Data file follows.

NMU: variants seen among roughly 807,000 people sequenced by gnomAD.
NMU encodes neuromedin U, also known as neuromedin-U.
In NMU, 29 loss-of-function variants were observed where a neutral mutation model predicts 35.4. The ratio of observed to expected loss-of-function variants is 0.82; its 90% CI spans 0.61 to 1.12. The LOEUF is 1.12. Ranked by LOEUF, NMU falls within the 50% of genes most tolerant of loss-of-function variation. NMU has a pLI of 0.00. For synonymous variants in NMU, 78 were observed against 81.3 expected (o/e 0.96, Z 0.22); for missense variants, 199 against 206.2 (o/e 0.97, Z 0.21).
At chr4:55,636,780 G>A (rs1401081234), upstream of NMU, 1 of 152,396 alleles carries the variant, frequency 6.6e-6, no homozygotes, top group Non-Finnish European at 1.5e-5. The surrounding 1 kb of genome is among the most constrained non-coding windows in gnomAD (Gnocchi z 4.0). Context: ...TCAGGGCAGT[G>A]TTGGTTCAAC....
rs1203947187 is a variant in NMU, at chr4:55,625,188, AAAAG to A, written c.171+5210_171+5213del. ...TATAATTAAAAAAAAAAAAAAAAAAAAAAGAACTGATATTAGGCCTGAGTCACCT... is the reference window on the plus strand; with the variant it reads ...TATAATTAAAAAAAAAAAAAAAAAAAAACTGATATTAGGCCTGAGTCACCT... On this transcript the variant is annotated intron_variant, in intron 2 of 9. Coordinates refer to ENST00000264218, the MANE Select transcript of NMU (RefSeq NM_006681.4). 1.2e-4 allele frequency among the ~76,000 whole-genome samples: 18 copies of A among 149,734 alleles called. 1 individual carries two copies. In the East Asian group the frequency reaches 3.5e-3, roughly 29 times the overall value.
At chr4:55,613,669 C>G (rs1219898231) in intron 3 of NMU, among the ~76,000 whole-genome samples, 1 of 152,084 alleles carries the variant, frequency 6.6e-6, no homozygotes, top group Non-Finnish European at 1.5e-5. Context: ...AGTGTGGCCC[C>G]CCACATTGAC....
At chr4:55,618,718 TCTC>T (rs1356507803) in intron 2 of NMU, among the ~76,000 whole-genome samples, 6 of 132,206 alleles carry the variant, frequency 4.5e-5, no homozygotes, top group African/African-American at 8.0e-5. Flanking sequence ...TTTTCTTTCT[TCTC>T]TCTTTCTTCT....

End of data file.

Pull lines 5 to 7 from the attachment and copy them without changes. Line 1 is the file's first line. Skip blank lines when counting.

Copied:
rs1203947187 is a variant in NMU, at chr4:55,625,188, AAAAG to A, written c.171+5210_171+5213del. ...TATAATTAAAAAAAAAAAAAAAAAAAAAAGAACTGATATTAGGCCTGAGTCACCT... is the reference window on the plus strand; with the variant it reads ...TATAATTAAAAAAAAAAAAAAAAAAAAACTGATATTAGGCCTGAGTCACCT... On this transcript the variant is annotated intron_variant, in intron 2 of 9. Coordinates refer to ENST00000264218, the MANE Select transcript of NMU (RefSeq NM_006681.4). 1.2e-4 allele frequency among the ~76,000 whole-genome samples: 18 copies of A among 149,734 alleles called. 1 individual carries two copies. In the East Asian group the frequency reaches 3.5e-3, roughly 29 times the overall value.
At chr4:55,613,669 C>G (rs1219898231) in intron 3 of NMU, among the ~76,000 whole-genome samples, 1 of 152,084 alleles carries the variant, frequency 6.6e-6, no homozygotes, top group Non-Finnish European at 1.5e-5. Context: ...AGTGTGGCCC[C>G]CCACATTGAC....
At chr4:55,618,718 TCTC>T (rs1356507803) in intron 2 of NMU, among the ~76,000 whole-genome samples, 6 of 132,206 alleles carry the variant, frequency 4.5e-5, no homozygotes, top group African/African-American at 8.0e-5. Flanking sequence ...TTTTCTTTCT[TCTC>T]TCTTTCTTCT....